With a holy day of obligation coming up on Wednesday for the Feast of the Assumption, the topic of why Catholics are obliged to attend Mass may come up. In fact, the whole subject of why attend Mass at all may rear its head. Here is a recent article about one of those surveys that asks “why do you” or “why don’t you” attend Mass or other religious services. The reasons for not attending seem familiar enough:
- No time
- Practice their faith in other ways
- Haven’t found a church they like
- Don’t feel welcome
- Don’t believe
But frankly, I found several of the positive responses given for attending religious services to be self-serving or even narcissistic:
- To make me a better person
- For comfort in times of trouble or sorrow
- Finding the sermons/homilies valuable
- Meeting new people/socializing
There were no responses like, “Because I love God” or “Because it’s God’s will” or “For the proper worship of God”; meaning we should worship God the way He wants as opposed to the way we want.
Perhaps you know someone that rarely attends Mass, but attends at Christmas, Easter and some other events. Perhaps you asked, or at least thought, “Why you don’t come next week and the week after?” If you were so bold as to invite them back, you may have received a polite, “we’ll see” in response, which is often translated as “of course not”.
If you persist, you’ll eventually enter a realm the separates man from beast; the realm of the intellect; the desire to know “why”. A Catholic that “believes” to some extent will eventually ask why, even if only asking the question internally. Attending Mass is nice, but why necessary? God is everywhere, so why can’t I be left alone to worship in my own way? Replying back that it is an obligation or a precept of the Church tends not to satisfy. Mentioning the violation of the first and third commandments may get more attention, but can still be seen as finger-wagging.
Another tactic came about for my wife and me as we became involved with the marriage ministry at our parish. We have the opportunity to meet with engaged couples at our home to review the results of their FOCUS questionnaire. There are practical topics dealing with finances, parenting and careers. The subjects of marriage covenant and religion can be awkward when speaking with interfaith couples or catholic couples in which one or both are nominal in their faith. It’s not uncommon for us to dialog with couples in which one or both rarely attend Mass (if ever), and yet they still see it as important to be married in the Catholic Church (thankfully).
The following three areas of reasoning help to satisfy some “whys”. Since what people know informs what they do, these thoughts just might help you tip the scales in getting someone to Mass.
In Terms of Relationship:
It’s especially easy to draw this analogy when dealing with couples in love. Imagine you were married and you spent about one hour at Christmas and one hour at Easter with your spouse with no other interaction throughout the year. What kind of relationship would that be? Suppose it was one hour per month? That’s better, but still lacking. Even if it were once per week for about one hour, we might consider it a working relationship, albeit a weak one.
God desires a close relationship with us and all close relationships require time, commitment, communication and “presence”. How would you feel if your beloved thought that one hour per week with you is too much trouble and unnecessary?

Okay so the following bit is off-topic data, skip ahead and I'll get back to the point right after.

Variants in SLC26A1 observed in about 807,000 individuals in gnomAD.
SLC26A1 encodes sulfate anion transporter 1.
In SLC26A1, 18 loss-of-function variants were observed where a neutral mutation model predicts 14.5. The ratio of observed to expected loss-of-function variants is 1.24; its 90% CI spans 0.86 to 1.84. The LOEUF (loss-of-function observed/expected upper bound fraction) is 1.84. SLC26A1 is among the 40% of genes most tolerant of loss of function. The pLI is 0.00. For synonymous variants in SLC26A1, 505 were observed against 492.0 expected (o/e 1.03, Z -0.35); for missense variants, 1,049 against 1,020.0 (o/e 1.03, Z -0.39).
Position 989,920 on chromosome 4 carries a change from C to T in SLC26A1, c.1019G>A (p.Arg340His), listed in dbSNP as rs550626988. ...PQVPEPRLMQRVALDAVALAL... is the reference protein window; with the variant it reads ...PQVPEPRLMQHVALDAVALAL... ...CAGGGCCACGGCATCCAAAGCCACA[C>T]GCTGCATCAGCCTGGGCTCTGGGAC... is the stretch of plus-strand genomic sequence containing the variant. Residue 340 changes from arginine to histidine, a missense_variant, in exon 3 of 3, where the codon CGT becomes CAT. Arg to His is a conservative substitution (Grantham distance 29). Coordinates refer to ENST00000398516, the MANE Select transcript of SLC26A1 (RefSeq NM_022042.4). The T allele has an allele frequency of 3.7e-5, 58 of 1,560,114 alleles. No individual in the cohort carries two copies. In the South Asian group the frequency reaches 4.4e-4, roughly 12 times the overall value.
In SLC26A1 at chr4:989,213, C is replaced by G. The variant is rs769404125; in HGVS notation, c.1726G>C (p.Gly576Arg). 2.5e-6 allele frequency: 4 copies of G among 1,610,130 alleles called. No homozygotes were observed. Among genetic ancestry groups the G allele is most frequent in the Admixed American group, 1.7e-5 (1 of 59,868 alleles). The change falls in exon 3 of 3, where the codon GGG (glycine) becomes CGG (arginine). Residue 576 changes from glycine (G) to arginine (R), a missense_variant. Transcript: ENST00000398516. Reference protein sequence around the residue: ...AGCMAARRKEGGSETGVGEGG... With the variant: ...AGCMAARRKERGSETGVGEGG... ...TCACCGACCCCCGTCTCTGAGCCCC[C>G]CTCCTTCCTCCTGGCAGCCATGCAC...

In Terms of Reality:
The above might be easily refuted by saying, “I pray in my own way all the time. No need to sit in a church building. The man upstairs and I have an understanding.” This is when a person’s imagination must be put in its place with a reality check.
We can think of reality as being made up of two parts; physical realities and spiritual realities. Think of your physical life. To be a physically functioning human being there are times when you must function alone, like getting dressed for the day, or perhaps you sometimes work alone or maybe you live alone. There are also times when you must function with others, like with family, co-workers, community members, etc. We’re social beings; it’s how God made us.
This parallels our spiritual life. To be a spiritually functioning human being there are times when you must function alone, like personal prayer and spiritual study. There are also times when you must function with others, like community worship (Catholics call this Mass). Once again, we’re social beings; it’s how God made us.
Last, but certainly not least…In Terms of the Eucharist:
This goes beyond community worship; it’s the source and summit of the faith. If the body and blood of Christ is given to us a spiritual food, it stands to reason that this is the most intimate thing God can possibly give to a human still living on Earth.
So, the most high God of the universe wants this extreme level of intimacy with us and our response is…
- Too busy
- No time
- No need
- Don’t feel like it
- I have better things to do
Think of how offensive this apathetic attitude must be to God? In this context, it seems more than appropriate to refer to skipping Mass as “grave matter”.
If the truth about relationships, the social & spiritual nature of man and the Eucharist really sink in, one’s perspective about attending Mass can change from a pessimistic, “I have to do this???” to an enthusiastic, “I get to do this!!!” and it may even turn out that once per week is simply not enough!
“If we attend Mass well, surely we are likely to think about our Lord during the rest of the day, wanting to be always in his presence, ready to work as he worked and love as he loved”1
- Josemaria Escriva, Christ is Passing by (New York: Scepter Publishing, 2002), p. 154.